I have brought this up before, and call me naïve if you will, but can anybody explain to me just what exactly the feds have to do with this. Just the other day, Bill Belichick got his just desserts and paid the piper via an embarrassing loss and an obviously recognizable lack of character.
Christ! Teams have been trying to rip off other’s signals since the days that Neanderthals wandered the earth. Hmmm. Interesting and rather humorous comparison there. Whatever – that’s why teams try to hide their signals in the first place.
In other thoughts, perhaps in this off season, a receiver such as Limas Sweed out of U.T. could fall in the draft for the Dallas Cowboys to snag him. Isaiah Stanback would be good to give a test ride to as well. As least he is already on the roster and probably hungry for playing time. Either or both would provide a speedy compliment to T.O. on the other side.
By the way, I was as surprised as anyone this season by the switcheroo in Owens’
demeanor. Perhaps he either stopped taking, or then again, started taking mood altering drugs. Maybe he just got laid more often. Could it be something as simple that a change in coaching staff provided enough different direction that certain players would perform and behave in a more positive spirit?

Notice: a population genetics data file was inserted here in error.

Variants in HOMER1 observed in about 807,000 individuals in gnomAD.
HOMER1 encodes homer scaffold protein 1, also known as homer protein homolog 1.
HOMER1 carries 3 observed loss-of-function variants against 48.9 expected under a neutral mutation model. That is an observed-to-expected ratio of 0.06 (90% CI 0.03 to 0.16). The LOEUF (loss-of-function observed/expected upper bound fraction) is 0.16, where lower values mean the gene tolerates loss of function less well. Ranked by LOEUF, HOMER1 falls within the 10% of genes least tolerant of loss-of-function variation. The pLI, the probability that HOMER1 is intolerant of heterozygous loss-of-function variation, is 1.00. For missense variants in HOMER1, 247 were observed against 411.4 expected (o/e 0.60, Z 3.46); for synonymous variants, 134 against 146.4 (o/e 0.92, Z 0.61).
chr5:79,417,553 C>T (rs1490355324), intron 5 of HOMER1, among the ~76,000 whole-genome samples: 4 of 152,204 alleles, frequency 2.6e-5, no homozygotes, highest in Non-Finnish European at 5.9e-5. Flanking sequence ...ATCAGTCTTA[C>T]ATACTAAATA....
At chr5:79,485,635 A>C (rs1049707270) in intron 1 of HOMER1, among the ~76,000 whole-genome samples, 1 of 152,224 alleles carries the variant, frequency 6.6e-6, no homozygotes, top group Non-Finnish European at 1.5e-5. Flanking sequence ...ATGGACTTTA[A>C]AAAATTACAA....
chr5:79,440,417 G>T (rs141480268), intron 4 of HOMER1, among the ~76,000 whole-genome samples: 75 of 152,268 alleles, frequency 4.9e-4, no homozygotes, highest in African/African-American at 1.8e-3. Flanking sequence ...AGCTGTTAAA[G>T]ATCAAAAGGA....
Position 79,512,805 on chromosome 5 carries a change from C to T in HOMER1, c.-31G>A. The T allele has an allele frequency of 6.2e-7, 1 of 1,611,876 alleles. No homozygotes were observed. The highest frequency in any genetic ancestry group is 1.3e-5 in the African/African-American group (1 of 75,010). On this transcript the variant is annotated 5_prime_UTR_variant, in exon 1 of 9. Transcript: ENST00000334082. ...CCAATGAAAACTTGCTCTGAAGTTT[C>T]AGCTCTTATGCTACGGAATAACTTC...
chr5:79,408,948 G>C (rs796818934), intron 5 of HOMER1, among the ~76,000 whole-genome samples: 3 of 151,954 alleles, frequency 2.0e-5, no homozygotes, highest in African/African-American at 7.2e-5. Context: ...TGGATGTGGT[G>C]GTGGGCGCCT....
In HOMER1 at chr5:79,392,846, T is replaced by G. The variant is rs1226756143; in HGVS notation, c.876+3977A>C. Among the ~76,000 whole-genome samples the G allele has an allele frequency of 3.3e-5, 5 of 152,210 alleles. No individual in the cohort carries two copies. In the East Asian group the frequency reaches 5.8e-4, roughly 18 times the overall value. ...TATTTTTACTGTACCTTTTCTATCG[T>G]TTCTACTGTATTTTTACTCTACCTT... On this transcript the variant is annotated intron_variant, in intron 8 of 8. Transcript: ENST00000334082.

Speaking of which, it has been suggested by some members of the media that Roy Williams would be better suited to play linebacker rather than safety. It’s a thought. At least he might take part in some head-on collisions rather than helplessly running after an opposing receiver sprinting toward the end zone.
A major mistake the Cowboys committed in their unnecessary loss to the Giants was to start Marion Barber ahead of Julius Jones. Not that Barber is not the better runner, but why change a scheme that had been so wildly successful all season. There is an old saying: “Dance with the one that brung ya.”
That’s about all there is to say on the subject for now. At least it should be, but one can never trust the stupidity of a useless senate probe.

Monday, February 04, 2008

super, super bowl

Waddaya know? Bodega Train might have missed the exact score and was off by a point concerning the spread, but the Giants did indeed pull off a cool upset. Looks like the ’72 Dolphins can pop their champagne corks for years to come. And again, Dallas players, coaches and fans can at least sleep knowing that they were not the only favorite to be embarrassed. Credit has to be given to the Giants’ players for not being trapped into a mental funk. They won that game, not only in an exciting way, but with passion. The only question about Eli Manning now is how he will perform on Saturday Night Live. The writer's strike. much like the Patriot's winning streak, cannot go on forever.

Saturday, February 02, 2008

Super Bowl Prediction?

Okay. Forget the big names. Super Bowl game victories have often been decided by what might be described as the more plebian non-suspects.
Prediction in short: If the Giants hold a 4 point lead and have the ball with less than 3 minutes to go, they will spoil the Patriots’ hopes of doing it all like no one before. If not, there you go.
Here says Bodega Train: Giants 31 – Patriots 27.